It’s very difficult to create something brand new. In fact, any invention ever conjured up, by anyone, was built on the works of those who came before. So, unless you want your business relegated to the land of redundancy, don’t be afraid to borrow a little. At the end of the day, the smartphone is just a bunch of things we already had, in the form of a single sleek and convenient device.
Augmented Reality, VR, 3D Printing, The Internet of Things. The sci-fi movies of yesterday don’t even come close to the myriad amazing technologies which are now part of our reality. Be on the forefront. How well did Pokemon Go do? Rhetorical question. It was such a success because its developers found a novel use for a relatively new technology (not actually even that new). You too can do the same. There’s a ready-to-be-tapped-into realm of splendid business ideas for those amongst us who have the ability to keep up with the interminable marathon of current affairs and trends. From this core principle, the person who invented Hodor Doorstops after that episode of Game of thrones benefited very nicely indeed. If you have a healthy amount of chutzpah, know what’s trending, and can get ahead of the curve, you can do very well. A little disclaimer however: trends often vanish as abruptly and enigmatically as they arrive. So, if you’ve just invested everything into a long-term business plan based on a fleeting moment in popular culture, then it may be time to call your bank manager to negotiate.
Chindōgu, or the practice of creating weird and often utterly preposterous inventions, is excellent for developing one’s creative problem solving faculties. It starts with a problem – say, for instance, your noodles are usually too hot and manually blow-cooling them has become a bit of a bore – so you spend a wild night discovering your inner insane scientist, and by the next morning you have yourself a pair of chopsticks with a tiny fan attachment.
The scope of Chindōgu includes such weird and eccentric inventions as: a toilet-roll fitted hat for chronic hay-fever sufferers, and shoes with miniature fitted umbrellas for when it’s wet out.
Whilst being utterly ridiculous, Chindōgu inventions cannot be called useless. Because, they are created to solve a problem. One could, however, call them utterly impractical. Chindōgu is where values of viability go awry. But, make no mistake, these practices do not emerge from sentiments of ennui inherent in Chindogu practitioners, who, disillusioned with their lives, pour their creative powers into fruitless ventures — resulting only in tepid executions. I repeat, It is not the sole domain of unemployed youths, who, furtively waste time under the dim lights of their mothers’ basements, when they should be doing getting their lives on track.
In fact, we should all practice Chindōgu, because that next crazy idea might not be so mad at all. When you identify the problems in society, and combine seemingly unrelated articles to solve them: the results can be exceptionally useful.
So, practice Chindōgu.
If innovation is a muscle to be exercised, then, Chindōgu is your bench press.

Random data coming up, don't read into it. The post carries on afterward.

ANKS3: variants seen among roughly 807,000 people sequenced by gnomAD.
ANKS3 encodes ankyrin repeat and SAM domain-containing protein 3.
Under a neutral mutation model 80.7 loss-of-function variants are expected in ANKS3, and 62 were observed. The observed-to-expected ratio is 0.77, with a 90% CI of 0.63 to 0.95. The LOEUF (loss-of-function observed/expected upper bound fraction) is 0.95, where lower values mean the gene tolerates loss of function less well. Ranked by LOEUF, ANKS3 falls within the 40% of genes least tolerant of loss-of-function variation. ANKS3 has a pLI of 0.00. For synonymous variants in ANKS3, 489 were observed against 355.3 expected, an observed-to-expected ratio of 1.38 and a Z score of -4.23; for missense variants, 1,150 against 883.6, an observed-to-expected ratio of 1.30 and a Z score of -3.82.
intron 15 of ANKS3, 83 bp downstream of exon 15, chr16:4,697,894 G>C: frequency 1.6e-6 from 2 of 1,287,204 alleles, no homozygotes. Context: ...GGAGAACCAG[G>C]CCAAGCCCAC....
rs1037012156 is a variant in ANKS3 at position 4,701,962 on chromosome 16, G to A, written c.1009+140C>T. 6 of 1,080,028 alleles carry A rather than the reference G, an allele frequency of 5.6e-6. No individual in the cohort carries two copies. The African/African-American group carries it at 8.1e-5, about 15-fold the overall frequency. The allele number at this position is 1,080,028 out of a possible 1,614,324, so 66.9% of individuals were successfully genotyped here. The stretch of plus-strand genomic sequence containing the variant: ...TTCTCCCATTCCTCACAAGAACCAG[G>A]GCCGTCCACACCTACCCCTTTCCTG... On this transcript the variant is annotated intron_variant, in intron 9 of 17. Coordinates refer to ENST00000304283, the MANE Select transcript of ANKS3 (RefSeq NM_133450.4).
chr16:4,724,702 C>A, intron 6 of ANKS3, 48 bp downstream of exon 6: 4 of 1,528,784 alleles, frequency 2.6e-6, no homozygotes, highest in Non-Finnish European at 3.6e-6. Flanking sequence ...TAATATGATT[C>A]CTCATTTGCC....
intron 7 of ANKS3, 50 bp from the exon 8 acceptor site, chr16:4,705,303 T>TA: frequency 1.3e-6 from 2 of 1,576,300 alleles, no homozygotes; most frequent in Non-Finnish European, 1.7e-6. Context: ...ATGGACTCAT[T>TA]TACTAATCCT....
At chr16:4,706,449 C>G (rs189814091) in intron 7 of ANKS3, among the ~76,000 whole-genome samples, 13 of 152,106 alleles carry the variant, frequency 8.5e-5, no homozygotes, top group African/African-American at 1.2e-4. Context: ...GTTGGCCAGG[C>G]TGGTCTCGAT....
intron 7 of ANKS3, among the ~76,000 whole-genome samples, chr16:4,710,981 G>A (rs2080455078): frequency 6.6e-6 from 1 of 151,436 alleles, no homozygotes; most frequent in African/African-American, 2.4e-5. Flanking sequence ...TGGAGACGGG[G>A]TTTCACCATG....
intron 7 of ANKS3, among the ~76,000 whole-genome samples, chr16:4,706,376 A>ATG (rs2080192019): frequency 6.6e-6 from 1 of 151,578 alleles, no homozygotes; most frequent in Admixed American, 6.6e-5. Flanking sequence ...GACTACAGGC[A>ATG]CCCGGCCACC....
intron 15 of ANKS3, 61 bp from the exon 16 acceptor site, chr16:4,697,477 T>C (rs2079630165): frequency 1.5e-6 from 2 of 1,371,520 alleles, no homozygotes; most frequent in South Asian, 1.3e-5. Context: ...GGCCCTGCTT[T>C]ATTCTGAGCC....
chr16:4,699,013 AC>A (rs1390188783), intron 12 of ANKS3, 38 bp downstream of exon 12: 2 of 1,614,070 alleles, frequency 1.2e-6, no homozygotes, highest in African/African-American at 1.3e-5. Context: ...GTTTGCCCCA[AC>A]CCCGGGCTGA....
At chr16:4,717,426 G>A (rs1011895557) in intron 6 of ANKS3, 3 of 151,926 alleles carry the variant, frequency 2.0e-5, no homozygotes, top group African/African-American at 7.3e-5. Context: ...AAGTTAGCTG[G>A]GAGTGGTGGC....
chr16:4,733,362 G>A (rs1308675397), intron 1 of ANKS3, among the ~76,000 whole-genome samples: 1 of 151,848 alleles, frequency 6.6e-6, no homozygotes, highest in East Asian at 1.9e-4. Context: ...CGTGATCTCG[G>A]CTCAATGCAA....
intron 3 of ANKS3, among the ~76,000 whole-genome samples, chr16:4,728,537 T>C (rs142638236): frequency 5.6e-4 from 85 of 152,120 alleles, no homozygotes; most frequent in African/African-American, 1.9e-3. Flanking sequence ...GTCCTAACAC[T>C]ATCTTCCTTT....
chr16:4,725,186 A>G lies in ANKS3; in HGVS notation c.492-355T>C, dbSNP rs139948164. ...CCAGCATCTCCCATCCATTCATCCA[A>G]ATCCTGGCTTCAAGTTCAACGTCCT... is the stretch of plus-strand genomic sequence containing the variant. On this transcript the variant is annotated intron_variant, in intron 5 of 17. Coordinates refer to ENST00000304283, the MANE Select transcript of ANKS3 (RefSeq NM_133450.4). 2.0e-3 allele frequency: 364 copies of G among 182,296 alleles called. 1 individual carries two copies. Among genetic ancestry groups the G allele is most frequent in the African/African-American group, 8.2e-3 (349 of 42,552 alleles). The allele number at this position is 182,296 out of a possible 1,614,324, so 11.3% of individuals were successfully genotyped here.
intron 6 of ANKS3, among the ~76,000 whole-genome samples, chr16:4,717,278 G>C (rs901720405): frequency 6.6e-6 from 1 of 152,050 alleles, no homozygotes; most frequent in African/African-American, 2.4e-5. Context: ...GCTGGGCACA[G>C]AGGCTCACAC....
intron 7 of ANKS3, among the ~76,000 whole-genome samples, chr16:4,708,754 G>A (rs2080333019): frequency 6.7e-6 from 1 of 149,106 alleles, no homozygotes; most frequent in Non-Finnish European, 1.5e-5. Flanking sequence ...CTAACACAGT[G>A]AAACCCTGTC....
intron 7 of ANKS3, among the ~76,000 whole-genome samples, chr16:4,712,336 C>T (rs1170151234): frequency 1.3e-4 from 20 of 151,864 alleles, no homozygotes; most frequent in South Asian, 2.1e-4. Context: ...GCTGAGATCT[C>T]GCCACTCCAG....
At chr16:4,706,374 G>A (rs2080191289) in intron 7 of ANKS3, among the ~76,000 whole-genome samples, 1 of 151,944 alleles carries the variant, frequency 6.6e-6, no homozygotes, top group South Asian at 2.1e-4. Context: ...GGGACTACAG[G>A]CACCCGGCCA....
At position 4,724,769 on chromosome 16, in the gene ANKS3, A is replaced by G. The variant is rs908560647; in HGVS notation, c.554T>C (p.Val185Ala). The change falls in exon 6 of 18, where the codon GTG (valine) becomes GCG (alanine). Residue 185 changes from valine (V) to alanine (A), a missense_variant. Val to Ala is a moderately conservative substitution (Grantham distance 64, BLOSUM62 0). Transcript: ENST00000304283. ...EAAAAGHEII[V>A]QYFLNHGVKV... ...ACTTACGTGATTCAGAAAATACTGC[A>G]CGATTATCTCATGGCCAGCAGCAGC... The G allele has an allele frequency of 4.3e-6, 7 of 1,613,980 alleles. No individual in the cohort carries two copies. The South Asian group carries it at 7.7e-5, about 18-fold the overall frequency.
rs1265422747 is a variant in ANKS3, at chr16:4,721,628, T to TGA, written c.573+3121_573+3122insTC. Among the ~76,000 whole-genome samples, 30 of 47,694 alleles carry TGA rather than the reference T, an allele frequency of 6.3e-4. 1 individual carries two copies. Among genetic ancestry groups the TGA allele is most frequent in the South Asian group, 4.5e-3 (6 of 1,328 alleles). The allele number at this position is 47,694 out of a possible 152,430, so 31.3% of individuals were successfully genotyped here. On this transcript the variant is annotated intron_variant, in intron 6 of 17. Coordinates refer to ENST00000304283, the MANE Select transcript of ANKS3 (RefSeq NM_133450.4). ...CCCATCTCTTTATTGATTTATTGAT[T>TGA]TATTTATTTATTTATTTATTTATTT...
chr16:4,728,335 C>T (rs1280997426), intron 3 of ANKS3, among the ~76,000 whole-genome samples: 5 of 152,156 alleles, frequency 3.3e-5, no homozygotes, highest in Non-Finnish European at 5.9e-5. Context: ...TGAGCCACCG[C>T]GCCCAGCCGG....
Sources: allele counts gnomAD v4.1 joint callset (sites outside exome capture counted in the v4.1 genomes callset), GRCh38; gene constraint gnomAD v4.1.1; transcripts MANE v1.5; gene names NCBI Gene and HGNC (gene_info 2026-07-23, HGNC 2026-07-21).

Technological advents are rendering many institutions redundant. Soundcloud is a quasi-record label instantly distributing your favourite music direct. Youtube, is a quasi-TV station that contains way more content that any traditional channel could possibly produce. Technology gives us the freedom to stick it to the man. Do it! Find a way to connect people with each other directly. Uber did it, and they are bringing the taxi industry to its knees without owning a single solitary taxi, or luxury sedan, as is often the case with Uber. Similarly, Air BnB is the now the pre-eminent hotel chain, but the company doesn’t even own a room. Even Gumtree allows you to buy a used-car direct, without having to cough up to the car salesmen who may or may not have put saw-dust in your engine to make it sound better. We are in the midst of a revolution. Can you think of an industry that can be disrupted? This may be your shot.
The next time you find yourself flabbergasted at an inefficiency, your dismay could actually be the opportunity of a lifetime. The best innovations solve a problem. As a budding creative genius, it is your job to see the opportunity in the issue, rather than getting caught-up in a frustration-fuelled malaise. Thomas Edison is widely credited with the invention of the light bulb. It is an invention which changed the world. A well-lit room at the flick of a switch. We forget how amazing that is. It’s only when you imagine life without the light bulb that you realise its significance. The force that drove light into our lives was our frustration at how painfully inefficient and dangerous illuminating a space used to be. Edison solved a massive problem. His reward was a place in history. In the future, inventions will the solve problems we don’t even know we have, and our decedents will feel sorry for our pitiful and primitive existences. So don’t curse to the heavens for having to stand in a queue. Fix the queue problem for society, and your rewards will astound you.
That’s all folks. May the force be with you.